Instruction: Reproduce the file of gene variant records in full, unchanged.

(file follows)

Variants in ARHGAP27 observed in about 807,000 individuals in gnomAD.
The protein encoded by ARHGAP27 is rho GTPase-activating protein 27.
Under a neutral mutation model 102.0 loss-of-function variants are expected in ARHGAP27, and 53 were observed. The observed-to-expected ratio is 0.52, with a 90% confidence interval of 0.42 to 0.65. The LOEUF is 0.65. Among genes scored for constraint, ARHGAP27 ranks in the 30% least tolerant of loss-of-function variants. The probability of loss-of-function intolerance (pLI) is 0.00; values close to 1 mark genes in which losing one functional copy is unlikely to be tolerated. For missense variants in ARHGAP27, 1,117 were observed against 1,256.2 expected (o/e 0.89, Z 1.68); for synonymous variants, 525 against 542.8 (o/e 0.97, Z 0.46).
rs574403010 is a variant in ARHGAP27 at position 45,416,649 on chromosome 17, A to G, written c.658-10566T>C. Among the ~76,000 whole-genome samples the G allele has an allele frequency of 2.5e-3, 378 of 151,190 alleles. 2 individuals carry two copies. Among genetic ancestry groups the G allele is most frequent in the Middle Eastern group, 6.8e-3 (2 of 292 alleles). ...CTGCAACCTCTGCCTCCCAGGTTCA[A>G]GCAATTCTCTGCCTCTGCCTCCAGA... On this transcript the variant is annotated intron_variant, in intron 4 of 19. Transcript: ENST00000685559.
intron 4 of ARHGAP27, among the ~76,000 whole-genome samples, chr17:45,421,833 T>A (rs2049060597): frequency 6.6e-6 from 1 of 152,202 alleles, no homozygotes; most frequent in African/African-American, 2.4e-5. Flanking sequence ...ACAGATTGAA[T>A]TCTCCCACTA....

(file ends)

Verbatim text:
Variants in ARHGAP27 observed in about 807,000 individuals in gnomAD.
The protein encoded by ARHGAP27 is rho GTPase-activating protein 27.
Under a neutral mutation model 102.0 loss-of-function variants are expected in ARHGAP27, and 53 were observed. The observed-to-expected ratio is 0.52, with a 90% confidence interval of 0.42 to 0.65. The LOEUF is 0.65. Among genes scored for constraint, ARHGAP27 ranks in the 30% least tolerant of loss-of-function variants. The probability of loss-of-function intolerance (pLI) is 0.00; values close to 1 mark genes in which losing one functional copy is unlikely to be tolerated. For missense variants in ARHGAP27, 1,117 were observed against 1,256.2 expected (o/e 0.89, Z 1.68); for synonymous variants, 525 against 542.8 (o/e 0.97, Z 0.46).
rs574403010 is a variant in ARHGAP27 at position 45,416,649 on chromosome 17, A to G, written c.658-10566T>C. Among the ~76,000 whole-genome samples the G allele has an allele frequency of 2.5e-3, 378 of 151,190 alleles. 2 individuals carry two copies. Among genetic ancestry groups the G allele is most frequent in the Middle Eastern group, 6.8e-3 (2 of 292 alleles). ...CTGCAACCTCTGCCTCCCAGGTTCA[A>G]GCAATTCTCTGCCTCTGCCTCCAGA... On this transcript the variant is annotated intron_variant, in intron 4 of 19. Transcript: ENST00000685559.
intron 4 of ARHGAP27, among the ~76,000 whole-genome samples, chr17:45,421,833 T>A (rs2049060597): frequency 6.6e-6 from 1 of 152,202 alleles, no homozygotes; most frequent in African/African-American, 2.4e-5. Flanking sequence ...ACAGATTGAA[T>A]TCTCCCACTA....